Debate around free expression today is fraught with confusion about true intentions and genuine meanings. Persistent and aggressive challenging of who has the right to define free expression, and an often intentional blurring of that definition can arrest discussion or send argument flying off into hyper-critical and combative corners of social media where it is often scattered and dispersed by bias and filters.
This seems like the perfect moment in this posting to declare these thoughts as my own individual expression. My words here are not intended to represent the views of the organization I work for or any of its members. If anyone wants to know “what the writers think about all this” you’re going to have to ask a whole bunch of individual writers. And if you get a consistent answer, may I suggest you haven’t asked enough writers. As long as I’ve been working in writing and publishing, I’ve debated the “do not pass” line on restrictions of expression. I’ve found it has never been a bright and immoveable line.
My own thinking about free expression has been relentlessly provoked and challenged by the roiling political climate of the past few years. I‘ve found myself questioning and even doubting longheld beliefs and what I had assumed were bedrock principles. It has been an intense and frightening time, one that has alternately sent me into quiet rooms by myself to escape the turmoil, and then back out of those rooms into the vast and ever-expanding universe of other people’s opinions. And for me, my exploration of that universe has provided a growing bright point in the void. The diversity of new-to-me voices I’ve discovered over the last few years makes me feel wonderfully small. I’m frequently ashamed to be coming so late to an understanding of these voices, but it’s been marvelous to sit and listen nevertheless. Here are the ideas I’m now wrestling with, and here’s what I’ve observed while wrestling.
The issue I’ve long fought for, free expression, is too easily co-opted by individuals, groups and corporations with no genuine interest in dialogue, or even in expressing any sort of comprehensible opinion. They turn free expression, the variously protected right of an individual to express one’s opinion without fear of censorship, into #FreeSpeech, an all-purpose distraction for sucking up public oxygen and claiming instant moral high ground. Whereas free expression remains a cherished democratic right and one of the most important tools of the truly oppressed, #FreeSpeech is frequently weaponized and asserted in the public space to maintain a rotting status quo, or worse, to encourage physical conflict and violence. So, a racist rally of intimidation and incitement that ends in violent death has #FreeSpeech attached to it by those who would deny that right to someone kneeling quietly to protest racism and violent death.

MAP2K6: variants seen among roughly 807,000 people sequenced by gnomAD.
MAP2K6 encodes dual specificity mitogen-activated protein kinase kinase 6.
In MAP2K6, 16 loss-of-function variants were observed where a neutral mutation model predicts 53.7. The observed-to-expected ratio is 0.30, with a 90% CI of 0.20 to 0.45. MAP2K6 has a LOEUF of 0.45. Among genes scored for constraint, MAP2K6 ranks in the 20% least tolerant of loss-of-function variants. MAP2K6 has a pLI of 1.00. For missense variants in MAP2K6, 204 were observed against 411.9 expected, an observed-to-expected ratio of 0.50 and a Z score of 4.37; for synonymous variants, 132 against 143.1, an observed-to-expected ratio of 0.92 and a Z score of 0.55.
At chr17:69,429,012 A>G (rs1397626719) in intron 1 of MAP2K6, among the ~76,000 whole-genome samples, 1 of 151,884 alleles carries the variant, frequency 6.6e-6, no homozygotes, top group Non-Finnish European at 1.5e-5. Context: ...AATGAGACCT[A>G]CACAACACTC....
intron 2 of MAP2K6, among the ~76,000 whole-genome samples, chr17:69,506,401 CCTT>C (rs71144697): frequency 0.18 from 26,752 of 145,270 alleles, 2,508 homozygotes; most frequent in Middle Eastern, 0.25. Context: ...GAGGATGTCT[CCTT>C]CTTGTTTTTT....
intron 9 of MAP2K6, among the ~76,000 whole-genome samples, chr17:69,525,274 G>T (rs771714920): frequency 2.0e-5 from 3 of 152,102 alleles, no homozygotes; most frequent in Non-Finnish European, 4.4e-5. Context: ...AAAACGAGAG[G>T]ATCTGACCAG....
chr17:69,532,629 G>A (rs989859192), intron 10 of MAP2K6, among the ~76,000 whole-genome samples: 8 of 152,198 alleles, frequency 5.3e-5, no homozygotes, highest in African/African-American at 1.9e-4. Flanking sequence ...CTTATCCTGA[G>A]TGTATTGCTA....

In the legal space, a #FreeSpeech claim is often conjured out of air to steamroll over the rights of individuals standing in the way of corporate interests. For instance, the equating of search engine results listings or internet piracy with speech, about which I’ve written in the past, is a cynical corporate co-opting of genuine expression concerns. When every regulatory restriction on corporate excess becomes “censorship” through convoluted and disingenuous legal rhetoric, we dilute genuine free expression concerns. Similarly, if we conclude that law and order restrictions on the willful spreading of hate and its attendant violence are an attack on #FreeSpeech, does benign communication stand a chance?
In the climate created by violent confrontation, it is increasingly important to distinguish between free expression and #FreeSpeech, to not be fooled by a kneejerk appeal to first principles into providing unintended cover for a monster known to be beyond reason and respect. Modern-day Germany understands the evil that is Nazism. Angela Merkel, one presumes, will never be moved by insincere appeals to #FreeSpeech into dialing back Germany’s deeply considered hate speech laws.